Measuring The Social Return On Investment Of Your Community And Social Investments

Whilst I spend a lot of time focusing on measuring the impact of corporate social investment (#CSI), corporate social responsibility (#CSR), grantmaking and humanitarian programs, a similar amount of time and effort is also spent on determining business or social return on investment.

And whilst there is a lot of evidence that investments in social and community programs yield significant return on investment (#ROI #SROI) many practitioners are not always clear on how to determine this return.

Inherently most companies, donors, philanthropists, grantmakers, social and impact investors want to create #sharedvalue and/or #blendedvalue – and whilst the primary focus is always an impact first approach, equal attention should be paid to the #socialreturn aspect, quite simply because resources, assets, time, products, services and skills are also part of the financial commitment. As such, social and community investors have a responsibility to show the value generated by their social and community investments.

Using our impact management and measurement approach we have been able to identify several return-on-investment dimensions that can be measured.  Some of these include:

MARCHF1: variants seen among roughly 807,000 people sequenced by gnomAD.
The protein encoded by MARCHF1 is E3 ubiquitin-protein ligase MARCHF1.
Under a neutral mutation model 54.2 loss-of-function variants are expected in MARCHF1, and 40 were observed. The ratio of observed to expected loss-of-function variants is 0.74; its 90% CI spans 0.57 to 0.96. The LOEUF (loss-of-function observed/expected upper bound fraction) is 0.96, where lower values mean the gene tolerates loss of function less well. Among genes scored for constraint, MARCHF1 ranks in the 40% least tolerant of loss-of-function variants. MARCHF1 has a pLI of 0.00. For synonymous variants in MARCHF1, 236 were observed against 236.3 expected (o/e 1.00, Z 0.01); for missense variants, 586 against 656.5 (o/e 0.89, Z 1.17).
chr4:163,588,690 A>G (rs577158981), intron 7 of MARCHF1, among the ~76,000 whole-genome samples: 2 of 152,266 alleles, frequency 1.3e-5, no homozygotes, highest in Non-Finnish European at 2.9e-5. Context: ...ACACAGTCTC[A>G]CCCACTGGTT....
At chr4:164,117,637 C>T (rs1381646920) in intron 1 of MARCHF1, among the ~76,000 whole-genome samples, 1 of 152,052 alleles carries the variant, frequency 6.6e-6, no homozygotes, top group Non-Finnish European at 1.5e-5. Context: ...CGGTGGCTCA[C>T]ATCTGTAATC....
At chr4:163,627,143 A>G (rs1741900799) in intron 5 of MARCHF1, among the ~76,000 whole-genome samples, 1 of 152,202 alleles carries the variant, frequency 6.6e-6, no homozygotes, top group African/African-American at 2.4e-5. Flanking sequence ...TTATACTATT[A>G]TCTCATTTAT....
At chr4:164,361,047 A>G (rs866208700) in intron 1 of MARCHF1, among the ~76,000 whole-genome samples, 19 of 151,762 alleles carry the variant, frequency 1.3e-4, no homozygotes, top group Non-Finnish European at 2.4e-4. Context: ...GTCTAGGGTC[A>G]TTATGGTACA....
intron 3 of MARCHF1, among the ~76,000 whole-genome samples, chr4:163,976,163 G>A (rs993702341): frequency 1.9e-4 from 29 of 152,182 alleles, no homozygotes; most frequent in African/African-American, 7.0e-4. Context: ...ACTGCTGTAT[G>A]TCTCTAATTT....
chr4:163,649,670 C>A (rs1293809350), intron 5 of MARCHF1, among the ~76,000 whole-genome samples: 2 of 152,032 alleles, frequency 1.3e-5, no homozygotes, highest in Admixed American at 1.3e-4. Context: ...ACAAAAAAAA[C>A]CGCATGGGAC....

• Strategic: Enhance and support strategic objectives and strategies such as shared value creation or purpose statements relating to company values
  • Talent Retention & Recruitment: Support specific operational strategies such as employee involvement and volunteerism or skills development
  • Operational: Enhance the funders ability to become more effective through better resource allocation, asset management, procurement and supplier or enterprise development
  • Profitability and competitiveness: Enhance the funders ability to become more competitive and profitable through new customer acquisition, new product development or new market entry or expansion in underserved markets
  • Social: Enhance and support social objectives of funder such as social inclusion, or promoting the local economy
  • Environmental: Enhance and support environmental objectives of funder such as efficient resource consumption
  • Economic: Enhance and support economic value of the funder such as reduction of capital costs and increased investment
  • Transformation and empowerment: Support and enhance empowerment and transformation objectives of funder for example improve BBEEE rating
  • Risk: Enhance and mitigate risks for funder such as social unrest or climate risks
  • Financial: Deliver savings to funder – such as legal costs avoided or capturing market value from new financing opportunities (green and social bonds, better financing conditions because of improved ESG ratings, etc.
  • Reputational / Brand: Enhance the funder’s reputation and brand awareness for example augment/support/enhance business marketing, communication and branding strategies
  • Intellectual Capital: Identify opportunities for innovation or research and development.